What Is Generalized Anxiety Disorder? Exploring The DSM-5’s Diagnostic Criteria

Medically reviewed by Paige Henry, LMSW, J.D.
Updated September 11, 2023by BetterHelp Editorial Team

If you worry about everyday things excessively or feel like you’re always waiting for disaster to strike, you may be experiencing the symptoms of generalized anxiety disorder. These worries often focus on everyday things, like your health, daily chores, or appointments. This condition can have physical symptoms, too. Learning how to identify signs of generalized anxiety and when to seek help from a professional can help you better control your symptoms so they don’t have as much of an effect on your day-to-day life.

What Is Generalized Anxiety Disorder?

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Generalized anxiety disorder (GAD) is characterized by general, uncontrolled feelings of anxiety, without a definitive trigger or source. This disorder might be sparked by trauma, but it usually has no specific cause. Generalized anxiety disorder involves chronic, persistent, and unresolved anxiety, often concerning everyday things that would not typically cause undue strain or stress. Although it can co-exist with other mental health disorders, anxiety symptoms are distinct from symptoms of other conditions.

Difficulty concentrating, relaxing, and letting go are all hallmarks of GAD. Your mind is essentially stuck in worry mode and cannot seem to divert itself to other ways of thinking and feeling. Physical symptoms are not unheard of in GAD, as headaches, stomachaches, muscle tension and muscle aches, throat closure, chest pain, and gastrointestinal issues can all be symptoms of anxiety disorders. GAD is a diagnosable mental health disorder and generally requires an evaluation by a psychotherapist or other mental health professional.

What Is The DSM-5?

The Diagnostic and Statistical Manual of Mental Disorders (edition 5) is a book identifying diagnosable mental health disorders and detailing the symptoms required to qualify for a diagnosis.

The DSM-5 is the standardized model by which most mental health professionals operate and is a source of guidance when evaluating, diagnosing, and treating patients. There are five iterations of the DSM now. Each version updates any changes in diagnostic criteria, symptoms, and research to provide accurate, safe, and effective information. The DSM-5 contains over ten years' worth of research and is considered the most up-to-date and reliable method of identifying disorders and determining how to proceed with treatment to pursue mental health.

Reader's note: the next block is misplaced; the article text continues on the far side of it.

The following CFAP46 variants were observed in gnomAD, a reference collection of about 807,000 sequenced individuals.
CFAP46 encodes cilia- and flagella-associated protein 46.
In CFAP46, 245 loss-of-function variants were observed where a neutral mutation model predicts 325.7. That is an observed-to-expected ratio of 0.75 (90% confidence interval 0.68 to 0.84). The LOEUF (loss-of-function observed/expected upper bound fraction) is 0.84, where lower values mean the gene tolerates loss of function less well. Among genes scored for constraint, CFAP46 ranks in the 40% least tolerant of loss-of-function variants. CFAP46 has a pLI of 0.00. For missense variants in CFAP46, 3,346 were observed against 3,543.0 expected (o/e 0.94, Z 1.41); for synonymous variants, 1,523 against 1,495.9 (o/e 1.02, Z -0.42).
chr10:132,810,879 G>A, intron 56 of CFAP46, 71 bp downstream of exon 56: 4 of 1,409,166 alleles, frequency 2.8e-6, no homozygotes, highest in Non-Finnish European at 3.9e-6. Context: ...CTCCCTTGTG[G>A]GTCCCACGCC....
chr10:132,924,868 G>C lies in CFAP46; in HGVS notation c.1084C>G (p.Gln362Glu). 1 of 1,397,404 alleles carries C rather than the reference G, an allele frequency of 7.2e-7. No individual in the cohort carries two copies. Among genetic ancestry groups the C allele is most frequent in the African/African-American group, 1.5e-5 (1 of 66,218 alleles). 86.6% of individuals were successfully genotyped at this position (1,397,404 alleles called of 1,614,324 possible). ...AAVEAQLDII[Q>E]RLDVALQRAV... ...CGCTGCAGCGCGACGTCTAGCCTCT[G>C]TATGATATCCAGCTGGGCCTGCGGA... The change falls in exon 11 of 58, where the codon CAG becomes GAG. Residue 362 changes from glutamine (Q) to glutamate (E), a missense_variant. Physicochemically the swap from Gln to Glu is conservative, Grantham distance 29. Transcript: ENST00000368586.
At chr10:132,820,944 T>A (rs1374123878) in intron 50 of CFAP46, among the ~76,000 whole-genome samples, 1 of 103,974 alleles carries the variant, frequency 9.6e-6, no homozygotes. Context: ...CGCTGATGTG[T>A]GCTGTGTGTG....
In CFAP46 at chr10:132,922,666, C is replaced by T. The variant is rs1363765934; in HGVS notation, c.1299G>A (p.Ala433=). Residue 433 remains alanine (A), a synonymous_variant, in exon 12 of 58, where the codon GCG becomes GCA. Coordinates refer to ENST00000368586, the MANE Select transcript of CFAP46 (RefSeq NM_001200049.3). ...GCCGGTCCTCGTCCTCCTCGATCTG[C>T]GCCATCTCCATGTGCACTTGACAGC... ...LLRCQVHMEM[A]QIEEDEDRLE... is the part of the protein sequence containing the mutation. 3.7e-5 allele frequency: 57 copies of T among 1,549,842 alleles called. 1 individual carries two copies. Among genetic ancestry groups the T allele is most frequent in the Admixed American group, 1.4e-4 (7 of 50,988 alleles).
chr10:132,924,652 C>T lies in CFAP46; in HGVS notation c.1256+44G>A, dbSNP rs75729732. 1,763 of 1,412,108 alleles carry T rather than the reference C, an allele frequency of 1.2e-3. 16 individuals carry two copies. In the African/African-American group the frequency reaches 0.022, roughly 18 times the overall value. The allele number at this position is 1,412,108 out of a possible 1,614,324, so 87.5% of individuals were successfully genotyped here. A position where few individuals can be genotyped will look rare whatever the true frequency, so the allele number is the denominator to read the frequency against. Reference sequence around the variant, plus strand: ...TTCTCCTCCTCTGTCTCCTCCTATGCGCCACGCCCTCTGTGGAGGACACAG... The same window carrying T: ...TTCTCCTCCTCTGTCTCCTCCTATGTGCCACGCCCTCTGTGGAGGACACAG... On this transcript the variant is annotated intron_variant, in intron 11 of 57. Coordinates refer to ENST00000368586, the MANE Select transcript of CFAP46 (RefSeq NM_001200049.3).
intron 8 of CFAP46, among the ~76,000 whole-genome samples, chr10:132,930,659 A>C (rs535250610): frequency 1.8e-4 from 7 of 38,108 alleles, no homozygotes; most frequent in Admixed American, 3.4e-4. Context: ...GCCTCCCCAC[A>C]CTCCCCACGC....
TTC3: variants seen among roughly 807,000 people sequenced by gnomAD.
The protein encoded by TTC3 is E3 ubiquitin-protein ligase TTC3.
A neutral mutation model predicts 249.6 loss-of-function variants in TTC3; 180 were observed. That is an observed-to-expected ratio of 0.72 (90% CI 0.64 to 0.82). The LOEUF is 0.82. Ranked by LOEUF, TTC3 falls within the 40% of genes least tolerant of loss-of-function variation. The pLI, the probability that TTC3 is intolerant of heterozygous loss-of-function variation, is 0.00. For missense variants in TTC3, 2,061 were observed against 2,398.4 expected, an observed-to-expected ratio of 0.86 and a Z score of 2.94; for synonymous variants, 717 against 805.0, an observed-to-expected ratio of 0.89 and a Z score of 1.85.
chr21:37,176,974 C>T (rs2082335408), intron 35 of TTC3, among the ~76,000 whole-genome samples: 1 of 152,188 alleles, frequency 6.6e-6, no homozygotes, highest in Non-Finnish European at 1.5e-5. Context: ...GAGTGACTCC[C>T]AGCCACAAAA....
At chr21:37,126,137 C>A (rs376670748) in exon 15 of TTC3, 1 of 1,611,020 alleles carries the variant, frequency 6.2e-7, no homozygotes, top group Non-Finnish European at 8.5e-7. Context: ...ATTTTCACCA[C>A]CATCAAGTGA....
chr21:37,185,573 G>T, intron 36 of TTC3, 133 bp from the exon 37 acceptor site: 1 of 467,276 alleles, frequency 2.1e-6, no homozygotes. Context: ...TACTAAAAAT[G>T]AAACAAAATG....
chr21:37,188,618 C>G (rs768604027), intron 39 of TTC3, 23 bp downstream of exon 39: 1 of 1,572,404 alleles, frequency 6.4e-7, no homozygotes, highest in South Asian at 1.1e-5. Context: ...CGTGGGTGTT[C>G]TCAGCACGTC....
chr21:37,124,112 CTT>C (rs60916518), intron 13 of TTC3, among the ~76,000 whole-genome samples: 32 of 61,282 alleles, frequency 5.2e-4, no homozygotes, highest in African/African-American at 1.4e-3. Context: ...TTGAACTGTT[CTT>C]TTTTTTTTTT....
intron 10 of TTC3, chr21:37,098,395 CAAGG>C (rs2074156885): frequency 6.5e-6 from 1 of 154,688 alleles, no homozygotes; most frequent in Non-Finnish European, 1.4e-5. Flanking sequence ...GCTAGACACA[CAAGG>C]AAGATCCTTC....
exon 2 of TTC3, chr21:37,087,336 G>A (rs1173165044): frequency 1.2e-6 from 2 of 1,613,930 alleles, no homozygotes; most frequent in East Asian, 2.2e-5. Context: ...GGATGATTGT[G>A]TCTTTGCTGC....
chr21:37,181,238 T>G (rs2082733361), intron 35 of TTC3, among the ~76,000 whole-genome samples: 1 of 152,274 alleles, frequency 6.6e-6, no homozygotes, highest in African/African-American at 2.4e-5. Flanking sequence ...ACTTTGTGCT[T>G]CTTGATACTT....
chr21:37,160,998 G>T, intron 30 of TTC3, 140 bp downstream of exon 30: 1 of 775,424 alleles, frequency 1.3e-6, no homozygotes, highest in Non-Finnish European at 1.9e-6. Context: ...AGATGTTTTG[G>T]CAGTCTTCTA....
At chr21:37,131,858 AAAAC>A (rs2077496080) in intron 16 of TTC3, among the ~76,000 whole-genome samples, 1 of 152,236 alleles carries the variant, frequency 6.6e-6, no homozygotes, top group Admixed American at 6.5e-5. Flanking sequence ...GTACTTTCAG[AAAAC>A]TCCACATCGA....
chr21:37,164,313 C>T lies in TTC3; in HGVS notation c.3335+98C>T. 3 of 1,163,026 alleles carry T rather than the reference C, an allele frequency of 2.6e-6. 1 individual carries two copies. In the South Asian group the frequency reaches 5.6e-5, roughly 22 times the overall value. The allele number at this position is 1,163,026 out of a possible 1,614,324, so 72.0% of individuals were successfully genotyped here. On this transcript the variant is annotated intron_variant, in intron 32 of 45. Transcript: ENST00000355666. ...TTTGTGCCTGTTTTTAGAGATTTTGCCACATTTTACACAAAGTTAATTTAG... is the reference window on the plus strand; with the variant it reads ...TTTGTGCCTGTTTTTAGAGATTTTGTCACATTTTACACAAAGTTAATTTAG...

The DSM-5 is used for diagnostics and medical and insurance coding. Because medical coding is essential in receiving reimbursement and allowing a treatment routine to be implemented, these manuals are an integral aspect of diagnosing, treating, and billing for therapy services. They allow insurance companies to determine what the patient's condition is and what treatment might involve.

The American Psychiatric Association, a national psychiatric institution, wrote and revised the DSM. As a national institute, the American Psychiatric Association focuses on creating a manual for assessment and diagnosis rather than treatment for each disorder.

Why Is The DSM-5 Used In Psychology?

Psychological symptoms of mental health, such as anxiety symptoms, can often mimic one another, and many of them seem to blend or overlap in patients. Psychology is a vast field, filled with countless patients and innumerable combinations of risk factors, family histories, and co-morbid conditions. Determining what a patient is dealing with and, by extension, what the doctor is dealing with, can be a lengthy process and often requires the objective assistance of a manual. The DSM-5 is that manual.

The DSM-5: Anxiety Disorder Qualifications

The anxiety symptoms of different DSM 5 anxiety disorders changed with the last DSM update, and the manual provides the insurance codes necessary to proceed with treatment. Qualifications include various symptoms unique to varying forms of anxiety disorders. Panic disorder, for instance, requires patients to experience panic attacks without a legitimate reason to incite panic, and attacks must happen with some regularity. Post-traumatic stress disorder requires that patients have experienced some form of traumatic event before experiencing stress and (potentially) panic attacks.

The DSM-5 identifies the symptoms that must be present to diagnose a disorder safely. Aside from that, the DSM also offers treatment suggestions, symptom duration requirements, and co-morbidity protocols.

Differences In The DSM-5 And Previous Iterations